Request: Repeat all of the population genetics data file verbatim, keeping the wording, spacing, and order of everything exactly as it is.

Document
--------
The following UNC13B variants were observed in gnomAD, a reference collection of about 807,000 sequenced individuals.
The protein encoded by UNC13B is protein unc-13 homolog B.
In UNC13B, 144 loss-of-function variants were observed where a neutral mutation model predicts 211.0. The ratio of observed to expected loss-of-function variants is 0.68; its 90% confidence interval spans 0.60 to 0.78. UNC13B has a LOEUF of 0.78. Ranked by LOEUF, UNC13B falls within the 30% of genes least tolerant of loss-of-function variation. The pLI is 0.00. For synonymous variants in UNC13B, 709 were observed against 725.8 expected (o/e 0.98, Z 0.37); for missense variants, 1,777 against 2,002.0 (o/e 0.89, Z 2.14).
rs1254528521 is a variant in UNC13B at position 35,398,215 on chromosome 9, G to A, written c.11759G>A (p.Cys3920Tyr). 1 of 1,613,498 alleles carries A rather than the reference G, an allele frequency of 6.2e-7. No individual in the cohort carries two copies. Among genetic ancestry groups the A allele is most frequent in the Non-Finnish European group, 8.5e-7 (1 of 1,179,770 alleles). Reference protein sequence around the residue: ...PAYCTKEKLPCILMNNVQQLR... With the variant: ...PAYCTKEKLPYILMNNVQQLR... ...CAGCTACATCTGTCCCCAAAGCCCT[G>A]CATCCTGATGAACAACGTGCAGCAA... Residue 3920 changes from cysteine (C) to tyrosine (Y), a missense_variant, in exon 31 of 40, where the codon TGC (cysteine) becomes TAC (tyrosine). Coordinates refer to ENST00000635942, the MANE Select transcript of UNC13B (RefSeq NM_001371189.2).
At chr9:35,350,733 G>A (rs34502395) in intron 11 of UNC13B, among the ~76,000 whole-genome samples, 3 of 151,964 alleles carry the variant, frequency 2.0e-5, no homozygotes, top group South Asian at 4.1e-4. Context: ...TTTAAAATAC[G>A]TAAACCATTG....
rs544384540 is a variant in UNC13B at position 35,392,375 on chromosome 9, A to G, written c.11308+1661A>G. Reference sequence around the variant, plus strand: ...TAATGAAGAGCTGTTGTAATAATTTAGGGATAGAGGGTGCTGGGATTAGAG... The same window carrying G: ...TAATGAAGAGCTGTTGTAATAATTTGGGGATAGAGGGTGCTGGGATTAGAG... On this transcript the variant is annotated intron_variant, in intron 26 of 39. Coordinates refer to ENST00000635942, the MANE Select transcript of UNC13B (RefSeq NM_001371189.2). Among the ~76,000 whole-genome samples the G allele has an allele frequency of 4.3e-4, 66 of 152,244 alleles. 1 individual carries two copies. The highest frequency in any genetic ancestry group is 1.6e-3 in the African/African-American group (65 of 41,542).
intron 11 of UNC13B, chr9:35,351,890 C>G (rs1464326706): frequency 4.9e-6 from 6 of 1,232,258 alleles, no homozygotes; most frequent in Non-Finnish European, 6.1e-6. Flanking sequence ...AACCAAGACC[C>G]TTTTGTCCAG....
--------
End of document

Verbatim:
The following UNC13B variants were observed in gnomAD, a reference collection of about 807,000 sequenced individuals.
The protein encoded by UNC13B is protein unc-13 homolog B.
In UNC13B, 144 loss-of-function variants were observed where a neutral mutation model predicts 211.0. The ratio of observed to expected loss-of-function variants is 0.68; its 90% confidence interval spans 0.60 to 0.78. UNC13B has a LOEUF of 0.78. Ranked by LOEUF, UNC13B falls within the 30% of genes least tolerant of loss-of-function variation. The pLI is 0.00. For synonymous variants in UNC13B, 709 were observed against 725.8 expected (o/e 0.98, Z 0.37); for missense variants, 1,777 against 2,002.0 (o/e 0.89, Z 2.14).
rs1254528521 is a variant in UNC13B at position 35,398,215 on chromosome 9, G to A, written c.11759G>A (p.Cys3920Tyr). 1 of 1,613,498 alleles carries A rather than the reference G, an allele frequency of 6.2e-7. No individual in the cohort carries two copies. Among genetic ancestry groups the A allele is most frequent in the Non-Finnish European group, 8.5e-7 (1 of 1,179,770 alleles). Reference protein sequence around the residue: ...PAYCTKEKLPCILMNNVQQLR... With the variant: ...PAYCTKEKLPYILMNNVQQLR... ...CAGCTACATCTGTCCCCAAAGCCCT[G>A]CATCCTGATGAACAACGTGCAGCAA... Residue 3920 changes from cysteine (C) to tyrosine (Y), a missense_variant, in exon 31 of 40, where the codon TGC (cysteine) becomes TAC (tyrosine). Coordinates refer to ENST00000635942, the MANE Select transcript of UNC13B (RefSeq NM_001371189.2).
At chr9:35,350,733 G>A (rs34502395) in intron 11 of UNC13B, among the ~76,000 whole-genome samples, 3 of 151,964 alleles carry the variant, frequency 2.0e-5, no homozygotes, top group South Asian at 4.1e-4. Context: ...TTTAAAATAC[G>A]TAAACCATTG....
rs544384540 is a variant in UNC13B at position 35,392,375 on chromosome 9, A to G, written c.11308+1661A>G. Reference sequence around the variant, plus strand: ...TAATGAAGAGCTGTTGTAATAATTTAGGGATAGAGGGTGCTGGGATTAGAG... The same window carrying G: ...TAATGAAGAGCTGTTGTAATAATTTGGGGATAGAGGGTGCTGGGATTAGAG... On this transcript the variant is annotated intron_variant, in intron 26 of 39. Coordinates refer to ENST00000635942, the MANE Select transcript of UNC13B (RefSeq NM_001371189.2). Among the ~76,000 whole-genome samples the G allele has an allele frequency of 4.3e-4, 66 of 152,244 alleles. 1 individual carries two copies. The highest frequency in any genetic ancestry group is 1.6e-3 in the African/African-American group (65 of 41,542).
intron 11 of UNC13B, chr9:35,351,890 C>G (rs1464326706): frequency 4.9e-6 from 6 of 1,232,258 alleles, no homozygotes; most frequent in Non-Finnish European, 6.1e-6. Flanking sequence ...AACCAAGACC[C>G]TTTTGTCCAG....